Netanyahu revives moves to shut Qatar’s Al Jazeera TV in Israel

Benjamin Netanyahu
Prime Minister Benjamin Netanyahu revived moves on Monday to shutter Qatari satellite television station Al Jazeera in Israel, pledging to take “immediate action” to close the station’s local office while the war in Gaza continues.
Hours after his party spokesperson said parliament would be convened to ratify the necessary law, the Knesset approved the bill allowing the temporary closure in Israel of foreign broadcasters considered to be a threat to national security.
The law approved on Monday would allow Netanyahu and the security cabinet to shut the station for a period of 45 days, which would be renewable, and would stay in force until the end of July or until the end of major military operations in Gaza.
Neither the station’s main office in Israel nor the Qatari government in Doha immediately responded to a request for comment. Al Jazeera, which has been fiercely critical of Israel’s military operation in Gaza, from where it has reported around the clock, has previously accused Israel of systematically targeting its offices and personnel.
Communications Minister Shlomo Karai accused Al Jazeera of encouraging hostilities against Israel. “It is impossible to tolerate a media outlet, with press credentials from the government press office and with offices in Israel, acting from within against us, certainly in wartime,” he said.
Israeli officials have long complained about Al Jazeera’s coverage, but stopped short of taking action, mindful of Qatar’s bankrolling of Palestinian construction projects in the Gaza Strip – seen by all sides as a means of staving off conflict.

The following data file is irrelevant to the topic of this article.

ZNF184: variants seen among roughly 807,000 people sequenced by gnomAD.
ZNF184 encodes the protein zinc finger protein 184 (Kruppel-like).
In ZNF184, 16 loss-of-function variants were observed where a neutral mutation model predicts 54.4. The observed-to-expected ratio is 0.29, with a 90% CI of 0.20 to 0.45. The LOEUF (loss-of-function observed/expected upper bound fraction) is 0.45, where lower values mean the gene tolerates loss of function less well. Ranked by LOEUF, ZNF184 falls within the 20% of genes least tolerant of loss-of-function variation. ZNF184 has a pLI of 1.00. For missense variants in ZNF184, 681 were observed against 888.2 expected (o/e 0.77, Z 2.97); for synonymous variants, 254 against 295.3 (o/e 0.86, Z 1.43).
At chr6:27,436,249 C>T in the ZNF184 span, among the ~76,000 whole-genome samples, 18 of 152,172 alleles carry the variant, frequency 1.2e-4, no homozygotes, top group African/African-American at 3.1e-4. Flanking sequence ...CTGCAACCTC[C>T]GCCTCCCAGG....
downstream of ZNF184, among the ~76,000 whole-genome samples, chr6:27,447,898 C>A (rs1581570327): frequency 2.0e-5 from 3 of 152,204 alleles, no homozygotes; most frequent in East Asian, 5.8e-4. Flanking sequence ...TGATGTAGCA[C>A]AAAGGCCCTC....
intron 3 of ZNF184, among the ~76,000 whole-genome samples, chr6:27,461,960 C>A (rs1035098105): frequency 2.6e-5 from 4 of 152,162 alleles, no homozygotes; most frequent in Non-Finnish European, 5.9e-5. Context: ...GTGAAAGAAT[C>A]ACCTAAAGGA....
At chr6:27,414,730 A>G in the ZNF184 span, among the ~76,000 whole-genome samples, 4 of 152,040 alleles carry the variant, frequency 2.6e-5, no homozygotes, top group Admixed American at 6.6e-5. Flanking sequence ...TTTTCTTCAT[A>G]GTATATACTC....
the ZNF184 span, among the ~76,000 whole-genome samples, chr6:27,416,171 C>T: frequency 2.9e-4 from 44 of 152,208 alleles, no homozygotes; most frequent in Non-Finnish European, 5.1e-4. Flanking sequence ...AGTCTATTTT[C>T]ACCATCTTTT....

However, the move to allow the government to close down the local offices of foreign media groups drew concern from the United States, Israel’s main ally, which said it was critical to maintain freedom of the press.
“If it is true, a move like this is concerning,” White House Press Secretary Karine Jean-Pierre told reporters at a briefing.
Since the Gaza war that erupted on Oct. 7 with a cross-border killing and kidnapping rampage by the enclave’s dominant Hamas Islamists, Doha has mediated ceasefire negotiations under which Israel recovered some of those taken hostage.
However, talks on a second proposed truce appear to be going nowhere. In January, Netanyahu publicly called for the Qataris to be pressed into applying more pressure on Hamas. Qatar hosts the group’s political office and several top Hamas officials.
Asked if the threat against Al Jazeera might be part of such pressure, an Israeli government spokesperson, Avi Hyman, did not answer directly, though he did describe the station as “spouting propaganda for many, many years.”.


In what may have been a hint that Al Jazeera could have legal recourse against any closure, Hyman added during a briefing: “There’s due process, so we’re not there yet.”
Israel’s communications minister accused the station on Oct. 15 of pro-Hamas incitement and exposing Israeli troops to ambushes. Al Jazeera and the Doha government did not respond to those allegations.
The following month, Israel appeared to spare the Qatari station, instead ordering an end to the local broadcasts of a smaller Lebanese pro-Iranian channel, Al Mayadeen, under emergency media regulations.
The bill due for ratification on Monday passed its first reading in the Knesset in February.
More than 32,000 Palestinians have been killed during Israel’s six-month military offensive in Gaza, including 63 in the past 24 hours, according to the Palestinian health authorities.
In the Oct. 7 attack, Hamas killed 1,200 people and took 253 hostages, according to Israeli tallies.
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